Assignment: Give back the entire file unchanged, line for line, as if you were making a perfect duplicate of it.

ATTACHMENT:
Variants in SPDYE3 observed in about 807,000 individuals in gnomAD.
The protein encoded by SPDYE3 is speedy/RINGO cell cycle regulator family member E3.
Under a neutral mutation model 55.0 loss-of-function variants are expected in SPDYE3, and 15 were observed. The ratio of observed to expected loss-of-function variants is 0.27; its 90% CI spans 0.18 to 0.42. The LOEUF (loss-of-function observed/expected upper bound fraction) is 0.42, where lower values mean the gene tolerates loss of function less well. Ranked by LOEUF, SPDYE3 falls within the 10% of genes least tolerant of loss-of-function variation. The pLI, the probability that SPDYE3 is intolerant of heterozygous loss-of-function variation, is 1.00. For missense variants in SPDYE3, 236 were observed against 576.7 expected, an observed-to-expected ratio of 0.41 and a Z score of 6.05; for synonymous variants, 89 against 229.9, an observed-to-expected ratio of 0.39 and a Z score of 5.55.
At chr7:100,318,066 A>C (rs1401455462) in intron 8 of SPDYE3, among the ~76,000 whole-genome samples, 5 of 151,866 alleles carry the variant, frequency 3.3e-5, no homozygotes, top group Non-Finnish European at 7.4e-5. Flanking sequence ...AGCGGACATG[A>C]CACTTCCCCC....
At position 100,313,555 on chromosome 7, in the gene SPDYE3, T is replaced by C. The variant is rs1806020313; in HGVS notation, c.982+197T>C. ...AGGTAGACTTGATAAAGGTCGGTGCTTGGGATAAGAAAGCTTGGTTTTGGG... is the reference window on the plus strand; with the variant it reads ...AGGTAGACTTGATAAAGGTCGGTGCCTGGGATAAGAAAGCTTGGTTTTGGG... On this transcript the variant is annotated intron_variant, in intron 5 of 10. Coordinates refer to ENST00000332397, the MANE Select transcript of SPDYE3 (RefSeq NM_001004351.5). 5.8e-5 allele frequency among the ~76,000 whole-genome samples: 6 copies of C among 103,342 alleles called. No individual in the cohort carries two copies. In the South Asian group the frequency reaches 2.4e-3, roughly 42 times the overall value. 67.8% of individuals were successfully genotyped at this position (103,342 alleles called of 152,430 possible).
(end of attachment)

Variants in SPDYE3 observed in about 807,000 individuals in gnomAD.
The protein encoded by SPDYE3 is speedy/RINGO cell cycle regulator family member E3.
Under a neutral mutation model 55.0 loss-of-function variants are expected in SPDYE3, and 15 were observed. The ratio of observed to expected loss-of-function variants is 0.27; its 90% CI spans 0.18 to 0.42. The LOEUF (loss-of-function observed/expected upper bound fraction) is 0.42, where lower values mean the gene tolerates loss of function less well. Ranked by LOEUF, SPDYE3 falls within the 10% of genes least tolerant of loss-of-function variation. The pLI, the probability that SPDYE3 is intolerant of heterozygous loss-of-function variation, is 1.00. For missense variants in SPDYE3, 236 were observed against 576.7 expected, an observed-to-expected ratio of 0.41 and a Z score of 6.05; for synonymous variants, 89 against 229.9, an observed-to-expected ratio of 0.39 and a Z score of 5.55.
At chr7:100,318,066 A>C (rs1401455462) in intron 8 of SPDYE3, among the ~76,000 whole-genome samples, 5 of 151,866 alleles carry the variant, frequency 3.3e-5, no homozygotes, top group Non-Finnish European at 7.4e-5. Flanking sequence ...AGCGGACATG[A>C]CACTTCCCCC....
At position 100,313,555 on chromosome 7, in the gene SPDYE3, T is replaced by C. The variant is rs1806020313; in HGVS notation, c.982+197T>C. ...AGGTAGACTTGATAAAGGTCGGTGCTTGGGATAAGAAAGCTTGGTTTTGGG... is the reference window on the plus strand; with the variant it reads ...AGGTAGACTTGATAAAGGTCGGTGCCTGGGATAAGAAAGCTTGGTTTTGGG... On this transcript the variant is annotated intron_variant, in intron 5 of 10. Coordinates refer to ENST00000332397, the MANE Select transcript of SPDYE3 (RefSeq NM_001004351.5). 5.8e-5 allele frequency among the ~76,000 whole-genome samples: 6 copies of C among 103,342 alleles called. No individual in the cohort carries two copies. In the South Asian group the frequency reaches 2.4e-3, roughly 42 times the overall value. 67.8% of individuals were successfully genotyped at this position (103,342 alleles called of 152,430 possible).